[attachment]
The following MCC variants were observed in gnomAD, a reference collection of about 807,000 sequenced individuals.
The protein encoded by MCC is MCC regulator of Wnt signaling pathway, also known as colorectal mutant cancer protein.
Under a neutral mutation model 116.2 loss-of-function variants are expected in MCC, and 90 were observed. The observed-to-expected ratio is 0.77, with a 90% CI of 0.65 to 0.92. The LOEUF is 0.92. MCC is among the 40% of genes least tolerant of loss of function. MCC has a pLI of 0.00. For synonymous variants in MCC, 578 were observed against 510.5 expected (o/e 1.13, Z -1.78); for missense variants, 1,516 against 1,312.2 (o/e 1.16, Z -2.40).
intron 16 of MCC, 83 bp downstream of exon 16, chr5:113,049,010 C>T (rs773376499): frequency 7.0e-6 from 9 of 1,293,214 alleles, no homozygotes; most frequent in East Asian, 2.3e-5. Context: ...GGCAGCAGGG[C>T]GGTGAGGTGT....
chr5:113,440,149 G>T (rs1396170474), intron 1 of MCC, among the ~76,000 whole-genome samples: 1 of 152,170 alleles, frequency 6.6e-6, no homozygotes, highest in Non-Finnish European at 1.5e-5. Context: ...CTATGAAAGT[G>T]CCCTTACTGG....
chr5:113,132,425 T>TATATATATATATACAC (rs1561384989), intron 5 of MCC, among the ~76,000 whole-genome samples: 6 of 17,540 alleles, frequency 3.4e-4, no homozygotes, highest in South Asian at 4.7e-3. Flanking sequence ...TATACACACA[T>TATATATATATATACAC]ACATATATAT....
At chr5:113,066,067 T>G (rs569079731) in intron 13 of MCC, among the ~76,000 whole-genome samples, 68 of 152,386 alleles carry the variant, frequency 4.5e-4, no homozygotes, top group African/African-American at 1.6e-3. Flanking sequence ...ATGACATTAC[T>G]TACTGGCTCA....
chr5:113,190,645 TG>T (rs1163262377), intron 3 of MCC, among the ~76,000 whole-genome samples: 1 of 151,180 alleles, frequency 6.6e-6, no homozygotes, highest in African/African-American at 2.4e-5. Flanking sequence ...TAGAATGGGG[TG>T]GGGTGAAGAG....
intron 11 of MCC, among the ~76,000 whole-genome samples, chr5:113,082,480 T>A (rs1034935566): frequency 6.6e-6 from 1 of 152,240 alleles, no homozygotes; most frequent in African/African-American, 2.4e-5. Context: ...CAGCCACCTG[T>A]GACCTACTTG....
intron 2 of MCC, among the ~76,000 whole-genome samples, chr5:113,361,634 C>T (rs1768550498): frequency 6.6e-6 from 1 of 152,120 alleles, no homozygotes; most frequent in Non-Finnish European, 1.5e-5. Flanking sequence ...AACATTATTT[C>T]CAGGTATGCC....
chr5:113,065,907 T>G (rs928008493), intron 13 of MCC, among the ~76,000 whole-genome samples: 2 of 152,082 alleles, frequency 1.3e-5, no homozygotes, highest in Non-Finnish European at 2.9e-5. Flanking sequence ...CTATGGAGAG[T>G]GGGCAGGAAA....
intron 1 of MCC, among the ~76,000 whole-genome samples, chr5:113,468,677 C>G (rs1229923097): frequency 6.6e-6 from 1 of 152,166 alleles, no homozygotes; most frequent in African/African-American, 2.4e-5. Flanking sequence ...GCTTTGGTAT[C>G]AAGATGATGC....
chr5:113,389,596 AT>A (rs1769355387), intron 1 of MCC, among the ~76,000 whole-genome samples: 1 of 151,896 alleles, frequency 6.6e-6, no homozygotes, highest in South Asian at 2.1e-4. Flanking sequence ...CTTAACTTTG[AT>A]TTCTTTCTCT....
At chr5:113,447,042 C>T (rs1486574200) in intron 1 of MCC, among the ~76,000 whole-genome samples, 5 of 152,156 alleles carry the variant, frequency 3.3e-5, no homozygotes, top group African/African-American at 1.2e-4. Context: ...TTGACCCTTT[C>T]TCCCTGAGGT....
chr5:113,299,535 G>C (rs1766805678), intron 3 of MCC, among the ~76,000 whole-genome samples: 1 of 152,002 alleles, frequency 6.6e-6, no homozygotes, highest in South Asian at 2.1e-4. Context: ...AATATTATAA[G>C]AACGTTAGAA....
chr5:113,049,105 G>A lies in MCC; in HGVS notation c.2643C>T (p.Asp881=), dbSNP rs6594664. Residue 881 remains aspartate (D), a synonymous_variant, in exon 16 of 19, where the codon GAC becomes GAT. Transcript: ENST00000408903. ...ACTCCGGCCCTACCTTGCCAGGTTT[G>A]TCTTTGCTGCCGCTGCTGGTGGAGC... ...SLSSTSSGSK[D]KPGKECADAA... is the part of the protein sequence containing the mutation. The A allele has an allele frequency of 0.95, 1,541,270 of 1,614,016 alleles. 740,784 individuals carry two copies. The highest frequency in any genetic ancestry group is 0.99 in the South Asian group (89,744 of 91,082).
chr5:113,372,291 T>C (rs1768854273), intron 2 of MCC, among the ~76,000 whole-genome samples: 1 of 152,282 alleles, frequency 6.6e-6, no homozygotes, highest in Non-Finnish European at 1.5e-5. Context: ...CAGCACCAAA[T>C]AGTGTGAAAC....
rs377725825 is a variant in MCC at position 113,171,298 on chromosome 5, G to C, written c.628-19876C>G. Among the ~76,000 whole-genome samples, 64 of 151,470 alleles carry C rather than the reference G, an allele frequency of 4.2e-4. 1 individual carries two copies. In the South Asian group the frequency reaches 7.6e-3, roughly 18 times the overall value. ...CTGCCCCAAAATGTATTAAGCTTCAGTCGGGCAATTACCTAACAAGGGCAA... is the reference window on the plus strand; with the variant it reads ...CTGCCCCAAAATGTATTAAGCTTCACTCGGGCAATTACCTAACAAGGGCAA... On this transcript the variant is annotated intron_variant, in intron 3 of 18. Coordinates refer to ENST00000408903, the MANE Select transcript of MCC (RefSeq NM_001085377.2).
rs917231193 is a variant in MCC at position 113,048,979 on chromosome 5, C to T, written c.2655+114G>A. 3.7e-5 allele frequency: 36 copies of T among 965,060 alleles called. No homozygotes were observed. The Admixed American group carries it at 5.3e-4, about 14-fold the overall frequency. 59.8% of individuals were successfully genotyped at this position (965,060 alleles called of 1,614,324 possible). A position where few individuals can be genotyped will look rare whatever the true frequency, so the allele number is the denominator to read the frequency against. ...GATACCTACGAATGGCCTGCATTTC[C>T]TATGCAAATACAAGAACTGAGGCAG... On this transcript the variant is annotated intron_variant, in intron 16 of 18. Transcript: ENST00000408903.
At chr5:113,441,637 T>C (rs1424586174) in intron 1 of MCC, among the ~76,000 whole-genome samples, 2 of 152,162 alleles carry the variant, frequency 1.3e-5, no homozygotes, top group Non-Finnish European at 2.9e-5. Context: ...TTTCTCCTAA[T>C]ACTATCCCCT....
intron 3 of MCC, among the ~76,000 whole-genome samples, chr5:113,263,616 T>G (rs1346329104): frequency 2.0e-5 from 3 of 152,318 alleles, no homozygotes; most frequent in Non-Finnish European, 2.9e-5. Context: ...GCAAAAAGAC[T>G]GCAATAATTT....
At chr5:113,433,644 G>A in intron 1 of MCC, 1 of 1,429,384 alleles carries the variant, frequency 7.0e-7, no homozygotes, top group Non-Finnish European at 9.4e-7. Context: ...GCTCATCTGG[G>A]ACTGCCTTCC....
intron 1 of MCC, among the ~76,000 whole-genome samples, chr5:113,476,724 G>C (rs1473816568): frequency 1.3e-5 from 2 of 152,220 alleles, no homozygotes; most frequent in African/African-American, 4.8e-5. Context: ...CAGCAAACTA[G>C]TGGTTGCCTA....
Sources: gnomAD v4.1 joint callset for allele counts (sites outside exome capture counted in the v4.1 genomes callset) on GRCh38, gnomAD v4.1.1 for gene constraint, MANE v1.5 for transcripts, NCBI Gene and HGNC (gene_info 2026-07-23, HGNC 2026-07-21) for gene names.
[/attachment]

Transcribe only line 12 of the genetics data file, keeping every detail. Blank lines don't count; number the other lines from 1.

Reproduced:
intron 1 of MCC, among the ~76,000 whole-genome samples, chr5:113,468,677 C>G (rs1229923097): frequency 6.6e-6 from 1 of 152,166 alleles, no homozygotes; most frequent in African/African-American, 2.4e-5. Flanking sequence ...GCTTTGGTAT[C>G]AAGATGATGC....